Civil Rights Violations in Nursing Homes are Now Recognized Under 42 U.S.C. § 1983


            According to a recent article posted on, the estate of Melvinteen Daniels brought a suit against the nursing home, The Kane Center in Allegheny County, Pa., for Mrs. Daniels fatal case of sepsis caused by neglect, malnourishment and bed sores.  The lawsuit brought on Mrs. Daniels behalf had the cause of action for violating her civil rights by breaching a duty to ensure quality care under the Federal Nursing Home Reform Amendments (FNHRA).  The 3rd U.S. Circuit Court of Appeals ruled that residents of county-run nursing homes could bring lawsuits for civil rights violations under FNHRA section 1983, which challenges the quality of the resident’s treatment. 


Prior to FNHRA being passed in 1987, there were only two sanctions against nursing homes for noncompliance. One sanction was the secretary of Health and Human Services or the states themselves could decertify the facility and terminate the nursing home’s eligibility to receive Medicaid reimbursements.  The other sanction was if noncompliance was not an immediate and serious threat to the residents’ health and safety, the secretary or the states could deny payment for new admissions for up to 11 months.  If the government did not catch and enforce the sanctioned actions, there was not much deterrence for Nursing Facilities and protection for the elderly.  Private lawsuits became possible under FNHRA, and in addition to sanctions, nursing facilities are held accountable and deterred from abusing and neglecting their residents.  As courts breathe new interpretations in FNHRA, lawyers looking to protect the elderly have more ammunition to hold nursing facilities accountable for their abuse and neglect of residents.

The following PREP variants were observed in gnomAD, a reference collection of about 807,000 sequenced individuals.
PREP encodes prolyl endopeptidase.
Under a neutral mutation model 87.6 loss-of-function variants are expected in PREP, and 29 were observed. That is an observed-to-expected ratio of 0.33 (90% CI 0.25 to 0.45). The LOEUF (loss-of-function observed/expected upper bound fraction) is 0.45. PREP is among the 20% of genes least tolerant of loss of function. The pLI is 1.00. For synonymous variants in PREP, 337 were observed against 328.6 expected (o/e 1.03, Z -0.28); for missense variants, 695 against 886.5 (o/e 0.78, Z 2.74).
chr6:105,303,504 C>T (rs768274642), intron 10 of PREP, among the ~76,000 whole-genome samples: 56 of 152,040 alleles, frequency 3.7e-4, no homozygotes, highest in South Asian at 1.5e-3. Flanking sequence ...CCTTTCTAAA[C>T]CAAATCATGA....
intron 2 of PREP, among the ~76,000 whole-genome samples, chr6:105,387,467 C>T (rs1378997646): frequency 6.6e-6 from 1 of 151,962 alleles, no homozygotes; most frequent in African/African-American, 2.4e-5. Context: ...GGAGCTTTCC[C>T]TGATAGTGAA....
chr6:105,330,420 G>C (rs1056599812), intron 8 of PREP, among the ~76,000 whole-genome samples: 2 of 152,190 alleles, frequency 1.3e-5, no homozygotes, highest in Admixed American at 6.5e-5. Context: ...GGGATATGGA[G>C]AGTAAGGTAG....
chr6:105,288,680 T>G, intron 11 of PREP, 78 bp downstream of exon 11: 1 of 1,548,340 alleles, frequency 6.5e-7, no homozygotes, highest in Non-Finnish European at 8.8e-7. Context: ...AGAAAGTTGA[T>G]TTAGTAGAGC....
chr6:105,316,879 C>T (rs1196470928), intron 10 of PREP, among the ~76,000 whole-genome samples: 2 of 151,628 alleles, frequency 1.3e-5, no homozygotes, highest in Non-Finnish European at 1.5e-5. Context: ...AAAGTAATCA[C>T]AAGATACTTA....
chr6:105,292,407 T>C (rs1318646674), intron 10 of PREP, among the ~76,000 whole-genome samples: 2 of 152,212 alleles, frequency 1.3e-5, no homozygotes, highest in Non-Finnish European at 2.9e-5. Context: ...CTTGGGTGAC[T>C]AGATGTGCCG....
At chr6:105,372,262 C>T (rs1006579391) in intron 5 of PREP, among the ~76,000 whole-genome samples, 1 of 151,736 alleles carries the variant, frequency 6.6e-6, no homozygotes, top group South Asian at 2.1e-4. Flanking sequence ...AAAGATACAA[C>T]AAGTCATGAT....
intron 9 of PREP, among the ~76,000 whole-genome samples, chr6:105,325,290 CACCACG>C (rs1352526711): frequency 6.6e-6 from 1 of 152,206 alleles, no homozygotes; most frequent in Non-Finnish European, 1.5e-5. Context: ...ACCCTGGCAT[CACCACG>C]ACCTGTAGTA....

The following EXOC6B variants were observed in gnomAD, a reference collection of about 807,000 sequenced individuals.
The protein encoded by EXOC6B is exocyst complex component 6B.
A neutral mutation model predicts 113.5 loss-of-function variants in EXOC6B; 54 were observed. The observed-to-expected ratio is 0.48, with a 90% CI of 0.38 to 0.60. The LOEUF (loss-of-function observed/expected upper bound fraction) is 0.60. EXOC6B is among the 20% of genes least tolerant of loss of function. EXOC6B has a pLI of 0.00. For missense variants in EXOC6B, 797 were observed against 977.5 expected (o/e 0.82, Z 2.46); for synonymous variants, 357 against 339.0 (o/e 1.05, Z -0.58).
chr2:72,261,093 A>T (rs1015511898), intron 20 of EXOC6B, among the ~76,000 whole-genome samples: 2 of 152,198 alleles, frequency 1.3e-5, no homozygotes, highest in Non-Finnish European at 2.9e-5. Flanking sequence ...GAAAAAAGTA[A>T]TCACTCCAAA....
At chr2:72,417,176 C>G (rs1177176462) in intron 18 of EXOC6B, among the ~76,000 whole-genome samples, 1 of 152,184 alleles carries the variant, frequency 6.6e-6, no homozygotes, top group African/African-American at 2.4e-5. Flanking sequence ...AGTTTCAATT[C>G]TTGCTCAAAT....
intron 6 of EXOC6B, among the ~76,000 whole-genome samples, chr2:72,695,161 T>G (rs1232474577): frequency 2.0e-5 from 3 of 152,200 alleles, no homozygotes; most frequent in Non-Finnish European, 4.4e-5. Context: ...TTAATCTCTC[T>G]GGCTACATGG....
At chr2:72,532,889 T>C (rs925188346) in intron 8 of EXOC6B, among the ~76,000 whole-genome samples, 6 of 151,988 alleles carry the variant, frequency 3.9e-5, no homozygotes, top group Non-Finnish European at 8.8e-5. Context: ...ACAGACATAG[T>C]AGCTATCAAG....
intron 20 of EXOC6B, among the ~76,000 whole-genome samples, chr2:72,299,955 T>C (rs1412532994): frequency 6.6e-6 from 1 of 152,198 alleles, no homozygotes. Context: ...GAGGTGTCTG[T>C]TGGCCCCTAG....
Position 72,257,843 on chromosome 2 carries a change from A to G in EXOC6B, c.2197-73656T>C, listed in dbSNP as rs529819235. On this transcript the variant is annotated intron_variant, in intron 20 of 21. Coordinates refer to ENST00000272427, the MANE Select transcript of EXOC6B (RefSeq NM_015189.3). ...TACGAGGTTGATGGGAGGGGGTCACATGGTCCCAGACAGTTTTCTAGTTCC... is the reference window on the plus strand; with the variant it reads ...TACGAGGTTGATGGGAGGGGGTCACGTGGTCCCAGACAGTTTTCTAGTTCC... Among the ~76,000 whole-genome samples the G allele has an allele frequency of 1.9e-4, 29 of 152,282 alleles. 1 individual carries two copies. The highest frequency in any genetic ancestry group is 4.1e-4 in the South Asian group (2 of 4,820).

Now, victims (or their families) of elder abuse and neglect from county-run nursing facilities can bring a new cause of action which alleges violations of the victim’s civil rights.  The violation lies in the fact that “nursing homes are required to care for residents in a manner promoting quality of life, provide services and activities to maintain the highest practicable physical, mental and psychosocial well-being of residents, and conduct comprehensive assessments of their functional abilities.”  Abuse and neglect can now be treated as a violation of civil rights, more causes of actions can be brought to help lawsuits to hold nursing homes accountable.  Also, hopefully the fear of more causes of action and increased damages exposure will deter nursing facilities from abusing or neglecting their elderly residents. 


The York Law Firm believes the new cause of action for violations of civil rights is a positive step in helping regulate the Nursing Home Industry.  Since one of our specializations is Nursing Home Abuse and Neglect, the new ruling allows our firm to expand our work in this field of law.  We look forward to applying this new ruling to our cases involving county-run Nursing Homes and Assisted Living facilities who have neglected and abused residents. 



York Law Corporation

Sacramento, California